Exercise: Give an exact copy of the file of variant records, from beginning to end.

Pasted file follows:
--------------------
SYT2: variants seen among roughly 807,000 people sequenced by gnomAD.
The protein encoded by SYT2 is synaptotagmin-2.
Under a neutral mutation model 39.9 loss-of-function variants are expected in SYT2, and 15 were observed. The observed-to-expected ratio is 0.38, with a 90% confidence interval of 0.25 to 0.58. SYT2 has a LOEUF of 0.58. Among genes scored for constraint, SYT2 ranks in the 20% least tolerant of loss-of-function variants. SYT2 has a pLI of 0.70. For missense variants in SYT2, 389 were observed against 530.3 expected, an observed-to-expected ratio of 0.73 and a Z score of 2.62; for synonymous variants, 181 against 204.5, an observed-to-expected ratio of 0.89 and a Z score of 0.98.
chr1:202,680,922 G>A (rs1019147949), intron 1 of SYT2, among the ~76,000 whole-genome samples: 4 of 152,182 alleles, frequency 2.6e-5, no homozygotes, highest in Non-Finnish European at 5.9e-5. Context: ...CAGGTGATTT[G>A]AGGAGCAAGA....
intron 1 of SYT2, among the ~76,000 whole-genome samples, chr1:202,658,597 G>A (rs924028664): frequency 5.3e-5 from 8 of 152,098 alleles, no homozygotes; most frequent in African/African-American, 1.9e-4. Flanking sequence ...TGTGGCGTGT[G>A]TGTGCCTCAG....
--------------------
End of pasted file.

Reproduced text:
SYT2: variants seen among roughly 807,000 people sequenced by gnomAD.
The protein encoded by SYT2 is synaptotagmin-2.
Under a neutral mutation model 39.9 loss-of-function variants are expected in SYT2, and 15 were observed. The observed-to-expected ratio is 0.38, with a 90% confidence interval of 0.25 to 0.58. SYT2 has a LOEUF of 0.58. Among genes scored for constraint, SYT2 ranks in the 20% least tolerant of loss-of-function variants. SYT2 has a pLI of 0.70. For missense variants in SYT2, 389 were observed against 530.3 expected, an observed-to-expected ratio of 0.73 and a Z score of 2.62; for synonymous variants, 181 against 204.5, an observed-to-expected ratio of 0.89 and a Z score of 0.98.
chr1:202,680,922 G>A (rs1019147949), intron 1 of SYT2, among the ~76,000 whole-genome samples: 4 of 152,182 alleles, frequency 2.6e-5, no homozygotes, highest in Non-Finnish European at 5.9e-5. Context: ...CAGGTGATTT[G>A]AGGAGCAAGA....
intron 1 of SYT2, among the ~76,000 whole-genome samples, chr1:202,658,597 G>A (rs924028664): frequency 5.3e-5 from 8 of 152,098 alleles, no homozygotes; most frequent in African/African-American, 1.9e-4. Flanking sequence ...TGTGGCGTGT[G>A]TGTGCCTCAG....